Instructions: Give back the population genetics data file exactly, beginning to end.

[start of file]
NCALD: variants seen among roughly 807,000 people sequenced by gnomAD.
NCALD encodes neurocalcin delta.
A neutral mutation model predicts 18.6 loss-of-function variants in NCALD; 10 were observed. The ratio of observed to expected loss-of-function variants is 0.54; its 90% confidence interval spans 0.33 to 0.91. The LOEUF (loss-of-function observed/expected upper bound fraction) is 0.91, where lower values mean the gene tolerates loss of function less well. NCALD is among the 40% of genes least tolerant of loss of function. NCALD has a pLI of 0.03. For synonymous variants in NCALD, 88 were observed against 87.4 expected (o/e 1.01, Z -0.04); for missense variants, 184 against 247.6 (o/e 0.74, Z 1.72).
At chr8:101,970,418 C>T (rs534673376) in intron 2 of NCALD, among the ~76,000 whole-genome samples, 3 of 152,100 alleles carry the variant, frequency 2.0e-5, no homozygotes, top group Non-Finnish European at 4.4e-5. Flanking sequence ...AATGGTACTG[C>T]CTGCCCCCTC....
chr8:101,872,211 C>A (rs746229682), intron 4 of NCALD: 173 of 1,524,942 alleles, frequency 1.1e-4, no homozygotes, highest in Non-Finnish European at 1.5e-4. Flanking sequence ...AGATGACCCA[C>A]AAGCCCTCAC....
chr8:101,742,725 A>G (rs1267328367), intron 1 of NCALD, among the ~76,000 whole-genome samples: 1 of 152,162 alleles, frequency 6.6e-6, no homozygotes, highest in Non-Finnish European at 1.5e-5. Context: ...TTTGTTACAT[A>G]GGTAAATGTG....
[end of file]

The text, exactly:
NCALD: variants seen among roughly 807,000 people sequenced by gnomAD.
NCALD encodes neurocalcin delta.
A neutral mutation model predicts 18.6 loss-of-function variants in NCALD; 10 were observed. The ratio of observed to expected loss-of-function variants is 0.54; its 90% confidence interval spans 0.33 to 0.91. The LOEUF (loss-of-function observed/expected upper bound fraction) is 0.91, where lower values mean the gene tolerates loss of function less well. NCALD is among the 40% of genes least tolerant of loss of function. NCALD has a pLI of 0.03. For synonymous variants in NCALD, 88 were observed against 87.4 expected (o/e 1.01, Z -0.04); for missense variants, 184 against 247.6 (o/e 0.74, Z 1.72).
At chr8:101,970,418 C>T (rs534673376) in intron 2 of NCALD, among the ~76,000 whole-genome samples, 3 of 152,100 alleles carry the variant, frequency 2.0e-5, no homozygotes, top group Non-Finnish European at 4.4e-5. Flanking sequence ...AATGGTACTG[C>T]CTGCCCCCTC....
chr8:101,872,211 C>A (rs746229682), intron 4 of NCALD: 173 of 1,524,942 alleles, frequency 1.1e-4, no homozygotes, highest in Non-Finnish European at 1.5e-4. Flanking sequence ...AGATGACCCA[C>A]AAGCCCTCAC....
chr8:101,742,725 A>G (rs1267328367), intron 1 of NCALD, among the ~76,000 whole-genome samples: 1 of 152,162 alleles, frequency 6.6e-6, no homozygotes, highest in Non-Finnish European at 1.5e-5. Context: ...TTTGTTACAT[A>G]GGTAAATGTG....